Using disorder to find new magnetic transition pathways

Friday, November 18, 2022

Portrait of Melissa Henderson

A team of physicists have found a new tunable pathway to manipulate nanoscale magnetic structures known as skyrmions. Their results advance efforts to access different configurations of these structures and increase their stability for magnetic memory applications, such as using these structures as new types of bits in classical or quantum computers.

Skyrmions are tiny structures present in some magnetic crystals, formed by the collective alignment of magnetic moments from individual atoms into a twisting vortex significantly larger than atomic scales. These vortices create 3-dimensional tube magnetic structures, similar to nanoscale tornadoes, that gather together into triangular or square lattice patterns of multiple vortices. The skyrmions and lattice patterns can be measured and controlled by external magnetic fields or currents.

“Previously, a lot of research has been devoted towards skyrmions in really pure, ideal single crystal systems,” says Melissa Henderson, a PhD student in the Department of Physics and Astronomy and at the Institute for Quantum Computing (IQC). “It’s been a commonly held belief that the total number of skyrmions in a sample, also known as the topological charge, is conserved during rearrangements. We discovered that this conservation of skyrmion number is not the case in crystals with substantial crystalline and chemical disorder, which leads to some really interesting properties and phenomena.”

The team, which includes collaborators from McMaster University and the National Institute of Standards and Technology (NIST), introduced disorder into their crystalline material by growing a site-disordered material which exhibits variations in atomic site occupancies, randomly incorporating cobalt manganese or zinc atoms into the repeating crystal pattern. This disorder interrupts the usually straight skyrmions to create a labyrinth of zig-zag patterns that merge, end, or separate in the crystal.

Using heat and rotating the magnetic field, alongside small angle neutron scattering measurements, the researchers heated up the sample to create the disordered skyrmions. In some experiments, the researchers then took the samples and rotated them in the magnetic field to reorient the skyrmions into an ordered triangle lattice pattern. Starting from either these ordered or disordered states, the researchers began to cool the material.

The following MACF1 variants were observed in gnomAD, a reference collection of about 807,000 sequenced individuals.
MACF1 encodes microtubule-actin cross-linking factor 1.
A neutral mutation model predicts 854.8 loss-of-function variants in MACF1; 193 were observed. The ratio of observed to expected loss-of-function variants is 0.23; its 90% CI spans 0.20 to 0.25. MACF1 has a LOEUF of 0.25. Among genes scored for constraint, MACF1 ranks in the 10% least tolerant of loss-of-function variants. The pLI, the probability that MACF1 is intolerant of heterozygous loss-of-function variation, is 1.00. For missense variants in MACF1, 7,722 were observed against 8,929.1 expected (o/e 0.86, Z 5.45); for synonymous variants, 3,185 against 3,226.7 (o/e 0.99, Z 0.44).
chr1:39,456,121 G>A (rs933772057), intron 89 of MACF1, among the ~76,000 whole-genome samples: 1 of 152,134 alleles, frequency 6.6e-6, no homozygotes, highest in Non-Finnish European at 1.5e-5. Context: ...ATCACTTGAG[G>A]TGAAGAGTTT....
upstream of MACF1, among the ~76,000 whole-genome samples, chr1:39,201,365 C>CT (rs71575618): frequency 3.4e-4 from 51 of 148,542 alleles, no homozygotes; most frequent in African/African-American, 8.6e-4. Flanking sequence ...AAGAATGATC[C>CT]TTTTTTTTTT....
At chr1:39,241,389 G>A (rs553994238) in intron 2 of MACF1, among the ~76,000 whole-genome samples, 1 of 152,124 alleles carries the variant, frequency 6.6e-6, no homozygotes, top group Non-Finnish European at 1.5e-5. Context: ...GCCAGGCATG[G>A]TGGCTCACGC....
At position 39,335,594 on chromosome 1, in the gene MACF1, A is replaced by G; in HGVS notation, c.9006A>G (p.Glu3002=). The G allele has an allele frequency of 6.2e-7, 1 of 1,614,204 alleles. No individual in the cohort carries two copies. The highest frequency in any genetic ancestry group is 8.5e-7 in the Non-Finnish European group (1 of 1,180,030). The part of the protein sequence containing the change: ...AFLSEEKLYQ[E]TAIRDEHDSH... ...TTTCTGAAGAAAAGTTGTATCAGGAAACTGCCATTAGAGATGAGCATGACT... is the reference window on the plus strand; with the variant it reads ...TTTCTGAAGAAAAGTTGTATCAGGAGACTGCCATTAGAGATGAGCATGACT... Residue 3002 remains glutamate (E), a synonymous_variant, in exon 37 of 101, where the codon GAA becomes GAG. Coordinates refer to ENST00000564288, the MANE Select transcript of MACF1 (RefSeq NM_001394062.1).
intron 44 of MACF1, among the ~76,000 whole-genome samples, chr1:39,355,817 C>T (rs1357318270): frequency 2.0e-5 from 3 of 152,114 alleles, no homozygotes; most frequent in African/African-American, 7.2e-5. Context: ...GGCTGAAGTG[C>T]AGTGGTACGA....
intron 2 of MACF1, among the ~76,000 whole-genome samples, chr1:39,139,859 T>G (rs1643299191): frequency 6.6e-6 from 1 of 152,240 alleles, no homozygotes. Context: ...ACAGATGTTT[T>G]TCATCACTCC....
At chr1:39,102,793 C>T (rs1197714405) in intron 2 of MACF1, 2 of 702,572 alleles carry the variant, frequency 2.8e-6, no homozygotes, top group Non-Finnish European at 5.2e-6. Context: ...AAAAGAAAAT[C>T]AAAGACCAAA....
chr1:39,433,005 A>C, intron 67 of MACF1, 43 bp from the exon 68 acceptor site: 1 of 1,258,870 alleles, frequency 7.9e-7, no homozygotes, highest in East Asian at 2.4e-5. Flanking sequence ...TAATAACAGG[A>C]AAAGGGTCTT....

“As you cool it past a certain point, you'll exit the thermal equilibrium phase and go into a metastable phase, with the degree of skyrmion order in this phase dependent on the amount of order in the initial thermal equilibrium phase,” says Henderson. “Then as you keep cooling further, the exchange parameters will change more substantially, altering the ratios, magnitudes, and directions of the interactions. This will mediate a transition to a square lattice arrangement, so you go from a triangular to a square pattern.

“It was previously thought that in disordered samples, the disorder may inhibit the transition from triangular to square. That is why what we observed is surprising. We observed a disordered-to-ordered transition where we actually gain order when coming from the disordered triangular state to the square state. This is only possible by changing the topology of the system.”

To date, this skyrmion lattice transition has only been observed for conversions between ordered triangular to ordered square lattices in bulk systems. The researchers discovered an additional transition pathway between disordered triangular states to ordered square states that must undergo a change in the number of skyrmions present, upturning the previous belief that the number of skyrmions should stay constant during phase transitions.

Throughout the metastable phase, the researchers have shown additional disorder-induced effects where the skyrmions persist in a memory effect. The skyrmions are annihilated and then recovered in the metastable phase, thought to change between structures known as magnetic torons – tiny skyrmion filaments that maintain the topological charge of the skyrmion.

“Transition between ordered and disordered states has always fascinated people in general and physicists in particular. What are the pathways that lead one into another?” says Dr. Dmitry Pushin, faculty member in Waterloo’s Department of Physics and Astronomy and IQC. “Now we can study in situ such transitions where a quantum phase topology plays an important role and might help to advance spintronic devices.”

The paper Skyrmion Alignment and Pinning Effects in a Disordered Multi-Phase Skyrmion Material Co8Zn8Mn4 was published in the journal Physical Review B on September 29th.

Learn more about this research from Melissa Henderson